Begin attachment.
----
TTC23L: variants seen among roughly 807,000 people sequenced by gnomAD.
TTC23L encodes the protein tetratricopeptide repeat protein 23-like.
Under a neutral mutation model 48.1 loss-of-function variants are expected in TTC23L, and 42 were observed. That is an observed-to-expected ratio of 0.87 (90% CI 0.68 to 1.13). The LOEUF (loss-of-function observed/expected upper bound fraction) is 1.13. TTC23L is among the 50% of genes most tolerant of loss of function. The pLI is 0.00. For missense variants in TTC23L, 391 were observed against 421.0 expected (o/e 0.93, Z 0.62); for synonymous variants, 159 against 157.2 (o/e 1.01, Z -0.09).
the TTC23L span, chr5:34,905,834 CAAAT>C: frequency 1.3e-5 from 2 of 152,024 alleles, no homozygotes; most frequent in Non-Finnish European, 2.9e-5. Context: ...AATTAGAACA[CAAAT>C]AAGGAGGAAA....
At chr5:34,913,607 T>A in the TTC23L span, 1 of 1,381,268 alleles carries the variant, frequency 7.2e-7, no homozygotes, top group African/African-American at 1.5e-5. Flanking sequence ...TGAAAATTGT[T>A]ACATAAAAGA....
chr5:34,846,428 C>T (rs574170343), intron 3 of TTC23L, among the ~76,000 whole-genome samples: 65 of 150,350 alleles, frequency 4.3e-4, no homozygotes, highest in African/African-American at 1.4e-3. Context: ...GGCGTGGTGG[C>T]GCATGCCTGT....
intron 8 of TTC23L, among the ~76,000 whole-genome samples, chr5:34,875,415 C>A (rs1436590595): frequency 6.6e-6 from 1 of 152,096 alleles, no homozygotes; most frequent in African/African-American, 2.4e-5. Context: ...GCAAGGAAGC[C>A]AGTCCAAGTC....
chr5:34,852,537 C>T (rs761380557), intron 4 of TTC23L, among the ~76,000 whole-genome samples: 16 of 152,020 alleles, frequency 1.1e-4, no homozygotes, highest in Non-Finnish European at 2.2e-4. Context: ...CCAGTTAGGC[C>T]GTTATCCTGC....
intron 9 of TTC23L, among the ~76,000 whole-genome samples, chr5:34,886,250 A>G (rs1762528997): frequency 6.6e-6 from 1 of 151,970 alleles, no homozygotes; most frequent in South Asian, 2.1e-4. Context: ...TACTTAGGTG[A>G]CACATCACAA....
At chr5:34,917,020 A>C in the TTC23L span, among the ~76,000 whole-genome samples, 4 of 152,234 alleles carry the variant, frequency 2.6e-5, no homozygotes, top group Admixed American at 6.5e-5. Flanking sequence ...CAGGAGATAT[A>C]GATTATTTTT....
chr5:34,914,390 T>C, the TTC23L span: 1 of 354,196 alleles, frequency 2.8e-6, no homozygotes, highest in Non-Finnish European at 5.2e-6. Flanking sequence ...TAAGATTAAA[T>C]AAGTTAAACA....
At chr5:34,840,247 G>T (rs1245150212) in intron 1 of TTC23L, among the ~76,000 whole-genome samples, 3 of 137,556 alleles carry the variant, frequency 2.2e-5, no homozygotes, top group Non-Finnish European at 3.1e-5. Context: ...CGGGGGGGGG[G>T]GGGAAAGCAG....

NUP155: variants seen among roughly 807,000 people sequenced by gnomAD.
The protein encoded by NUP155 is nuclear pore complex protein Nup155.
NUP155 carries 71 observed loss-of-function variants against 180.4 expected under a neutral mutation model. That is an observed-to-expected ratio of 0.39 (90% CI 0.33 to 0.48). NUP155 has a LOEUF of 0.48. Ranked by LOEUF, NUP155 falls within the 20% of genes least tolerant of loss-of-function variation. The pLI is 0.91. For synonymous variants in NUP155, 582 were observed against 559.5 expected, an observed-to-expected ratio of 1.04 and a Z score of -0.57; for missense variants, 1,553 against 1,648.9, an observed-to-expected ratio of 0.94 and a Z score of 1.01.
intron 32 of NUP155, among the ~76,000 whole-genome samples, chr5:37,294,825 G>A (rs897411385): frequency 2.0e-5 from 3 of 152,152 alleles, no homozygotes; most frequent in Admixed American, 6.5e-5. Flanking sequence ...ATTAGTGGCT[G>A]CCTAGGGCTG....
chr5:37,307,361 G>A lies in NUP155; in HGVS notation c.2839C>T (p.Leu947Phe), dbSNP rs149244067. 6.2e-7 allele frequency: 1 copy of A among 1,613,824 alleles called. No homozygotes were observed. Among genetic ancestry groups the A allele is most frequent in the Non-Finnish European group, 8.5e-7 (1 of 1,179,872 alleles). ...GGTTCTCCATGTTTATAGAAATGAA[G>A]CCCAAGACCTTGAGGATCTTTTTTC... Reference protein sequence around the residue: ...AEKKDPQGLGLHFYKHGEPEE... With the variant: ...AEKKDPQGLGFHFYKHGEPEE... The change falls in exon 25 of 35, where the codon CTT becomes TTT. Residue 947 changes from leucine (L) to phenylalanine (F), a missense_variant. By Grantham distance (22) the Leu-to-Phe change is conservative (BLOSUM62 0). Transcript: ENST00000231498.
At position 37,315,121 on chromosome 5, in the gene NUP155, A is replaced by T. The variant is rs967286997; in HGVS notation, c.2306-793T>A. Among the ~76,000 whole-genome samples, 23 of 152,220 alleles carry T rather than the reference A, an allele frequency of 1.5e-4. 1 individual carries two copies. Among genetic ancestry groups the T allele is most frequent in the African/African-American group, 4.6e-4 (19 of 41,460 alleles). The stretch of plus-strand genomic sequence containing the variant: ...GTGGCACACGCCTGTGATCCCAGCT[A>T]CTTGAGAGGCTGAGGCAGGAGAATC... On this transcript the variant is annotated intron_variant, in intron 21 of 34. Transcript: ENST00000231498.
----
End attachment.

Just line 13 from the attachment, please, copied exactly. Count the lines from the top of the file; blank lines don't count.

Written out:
NUP155: variants seen among roughly 807,000 people sequenced by gnomAD.